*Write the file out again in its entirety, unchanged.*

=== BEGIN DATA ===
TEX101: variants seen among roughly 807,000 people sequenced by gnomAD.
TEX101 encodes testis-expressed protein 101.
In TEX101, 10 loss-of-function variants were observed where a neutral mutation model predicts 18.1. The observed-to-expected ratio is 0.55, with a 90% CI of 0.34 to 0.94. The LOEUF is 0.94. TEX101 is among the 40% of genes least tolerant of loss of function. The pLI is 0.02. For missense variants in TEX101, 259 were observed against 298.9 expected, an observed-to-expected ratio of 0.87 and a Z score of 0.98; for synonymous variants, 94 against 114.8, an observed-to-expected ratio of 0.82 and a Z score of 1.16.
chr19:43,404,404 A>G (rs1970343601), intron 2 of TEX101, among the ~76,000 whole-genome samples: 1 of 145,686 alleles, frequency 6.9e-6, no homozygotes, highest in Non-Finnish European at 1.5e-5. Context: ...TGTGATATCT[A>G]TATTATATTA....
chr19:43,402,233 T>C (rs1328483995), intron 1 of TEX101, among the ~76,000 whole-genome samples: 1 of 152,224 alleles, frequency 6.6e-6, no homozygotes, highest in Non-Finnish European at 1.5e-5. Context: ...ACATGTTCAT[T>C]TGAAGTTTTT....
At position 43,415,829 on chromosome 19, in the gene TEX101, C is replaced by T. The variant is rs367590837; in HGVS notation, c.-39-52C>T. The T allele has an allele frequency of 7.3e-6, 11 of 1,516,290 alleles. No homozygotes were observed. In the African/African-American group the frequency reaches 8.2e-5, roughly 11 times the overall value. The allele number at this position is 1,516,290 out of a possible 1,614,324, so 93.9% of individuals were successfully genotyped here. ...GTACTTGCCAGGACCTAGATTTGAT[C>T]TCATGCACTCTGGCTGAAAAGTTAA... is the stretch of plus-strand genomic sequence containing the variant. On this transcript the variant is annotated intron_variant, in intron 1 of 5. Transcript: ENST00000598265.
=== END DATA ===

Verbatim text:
TEX101: variants seen among roughly 807,000 people sequenced by gnomAD.
TEX101 encodes testis-expressed protein 101.
In TEX101, 10 loss-of-function variants were observed where a neutral mutation model predicts 18.1. The observed-to-expected ratio is 0.55, with a 90% CI of 0.34 to 0.94. The LOEUF is 0.94. TEX101 is among the 40% of genes least tolerant of loss of function. The pLI is 0.02. For missense variants in TEX101, 259 were observed against 298.9 expected, an observed-to-expected ratio of 0.87 and a Z score of 0.98; for synonymous variants, 94 against 114.8, an observed-to-expected ratio of 0.82 and a Z score of 1.16.
chr19:43,404,404 A>G (rs1970343601), intron 2 of TEX101, among the ~76,000 whole-genome samples: 1 of 145,686 alleles, frequency 6.9e-6, no homozygotes, highest in Non-Finnish European at 1.5e-5. Context: ...TGTGATATCT[A>G]TATTATATTA....
chr19:43,402,233 T>C (rs1328483995), intron 1 of TEX101, among the ~76,000 whole-genome samples: 1 of 152,224 alleles, frequency 6.6e-6, no homozygotes, highest in Non-Finnish European at 1.5e-5. Context: ...ACATGTTCAT[T>C]TGAAGTTTTT....
At position 43,415,829 on chromosome 19, in the gene TEX101, C is replaced by T. The variant is rs367590837; in HGVS notation, c.-39-52C>T. The T allele has an allele frequency of 7.3e-6, 11 of 1,516,290 alleles. No homozygotes were observed. In the African/African-American group the frequency reaches 8.2e-5, roughly 11 times the overall value. The allele number at this position is 1,516,290 out of a possible 1,614,324, so 93.9% of individuals were successfully genotyped here. ...GTACTTGCCAGGACCTAGATTTGAT[C>T]TCATGCACTCTGGCTGAAAAGTTAA... is the stretch of plus-strand genomic sequence containing the variant. On this transcript the variant is annotated intron_variant, in intron 1 of 5. Transcript: ENST00000598265.